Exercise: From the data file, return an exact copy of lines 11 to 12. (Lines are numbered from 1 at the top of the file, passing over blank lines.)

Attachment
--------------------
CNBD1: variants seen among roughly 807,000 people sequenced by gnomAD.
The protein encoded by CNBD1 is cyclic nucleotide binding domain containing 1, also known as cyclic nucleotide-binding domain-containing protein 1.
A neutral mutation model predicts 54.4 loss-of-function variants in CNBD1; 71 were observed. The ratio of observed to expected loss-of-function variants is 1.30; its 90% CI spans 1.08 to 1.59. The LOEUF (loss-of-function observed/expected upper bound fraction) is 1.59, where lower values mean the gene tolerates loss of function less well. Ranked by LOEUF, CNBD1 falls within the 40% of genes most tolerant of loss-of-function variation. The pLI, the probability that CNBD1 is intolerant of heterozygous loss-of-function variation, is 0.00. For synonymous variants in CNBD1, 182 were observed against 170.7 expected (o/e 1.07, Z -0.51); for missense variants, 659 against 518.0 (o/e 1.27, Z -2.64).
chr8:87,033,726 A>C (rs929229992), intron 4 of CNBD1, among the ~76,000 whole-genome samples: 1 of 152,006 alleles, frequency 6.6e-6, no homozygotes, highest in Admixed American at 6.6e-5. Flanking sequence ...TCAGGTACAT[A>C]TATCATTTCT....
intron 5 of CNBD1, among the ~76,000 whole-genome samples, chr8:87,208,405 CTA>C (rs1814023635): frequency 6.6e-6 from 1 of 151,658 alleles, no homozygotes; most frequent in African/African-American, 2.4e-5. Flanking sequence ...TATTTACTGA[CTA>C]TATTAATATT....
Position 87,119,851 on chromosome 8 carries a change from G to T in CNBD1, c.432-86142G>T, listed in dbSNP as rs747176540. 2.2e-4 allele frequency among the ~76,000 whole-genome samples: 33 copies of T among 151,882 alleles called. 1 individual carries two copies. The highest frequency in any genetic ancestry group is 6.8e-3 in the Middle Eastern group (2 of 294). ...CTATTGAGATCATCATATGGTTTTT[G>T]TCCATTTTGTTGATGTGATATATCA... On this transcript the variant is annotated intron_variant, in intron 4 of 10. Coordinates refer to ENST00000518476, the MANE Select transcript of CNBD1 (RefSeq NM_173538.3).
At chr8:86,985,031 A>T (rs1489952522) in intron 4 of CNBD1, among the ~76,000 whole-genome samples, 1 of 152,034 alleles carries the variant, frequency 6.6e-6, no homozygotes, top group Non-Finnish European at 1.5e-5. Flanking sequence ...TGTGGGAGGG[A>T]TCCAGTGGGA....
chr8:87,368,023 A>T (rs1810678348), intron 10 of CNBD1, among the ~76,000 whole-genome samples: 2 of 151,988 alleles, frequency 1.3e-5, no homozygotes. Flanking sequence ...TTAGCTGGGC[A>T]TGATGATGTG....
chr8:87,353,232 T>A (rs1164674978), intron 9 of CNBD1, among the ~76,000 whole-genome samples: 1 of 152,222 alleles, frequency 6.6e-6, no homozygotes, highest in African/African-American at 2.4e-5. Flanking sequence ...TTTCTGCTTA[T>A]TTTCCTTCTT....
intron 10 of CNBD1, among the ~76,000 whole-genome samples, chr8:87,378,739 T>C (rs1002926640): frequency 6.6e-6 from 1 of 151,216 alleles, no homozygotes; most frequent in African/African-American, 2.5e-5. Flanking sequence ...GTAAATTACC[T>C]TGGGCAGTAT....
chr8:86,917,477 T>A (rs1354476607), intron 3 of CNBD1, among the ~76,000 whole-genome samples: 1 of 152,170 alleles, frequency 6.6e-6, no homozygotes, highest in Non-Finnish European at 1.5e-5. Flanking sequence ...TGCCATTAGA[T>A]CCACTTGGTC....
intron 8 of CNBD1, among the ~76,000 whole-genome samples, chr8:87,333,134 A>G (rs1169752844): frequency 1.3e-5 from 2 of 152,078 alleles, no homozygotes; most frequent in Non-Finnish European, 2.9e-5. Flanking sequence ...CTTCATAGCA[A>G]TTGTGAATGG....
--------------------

chr8:86,917,477 T>A (rs1354476607), intron 3 of CNBD1, among the ~76,000 whole-genome samples: 1 of 152,170 alleles, frequency 6.6e-6, no homozygotes, highest in Non-Finnish European at 1.5e-5. Flanking sequence ...TGCCATTAGA[T>A]CCACTTGGTC....
intron 8 of CNBD1, among the ~76,000 whole-genome samples, chr8:87,333,134 A>G (rs1169752844): frequency 1.3e-5 from 2 of 152,078 alleles, no homozygotes; most frequent in Non-Finnish European, 2.9e-5. Flanking sequence ...CTTCATAGCA[A>G]TTGTGAATGG....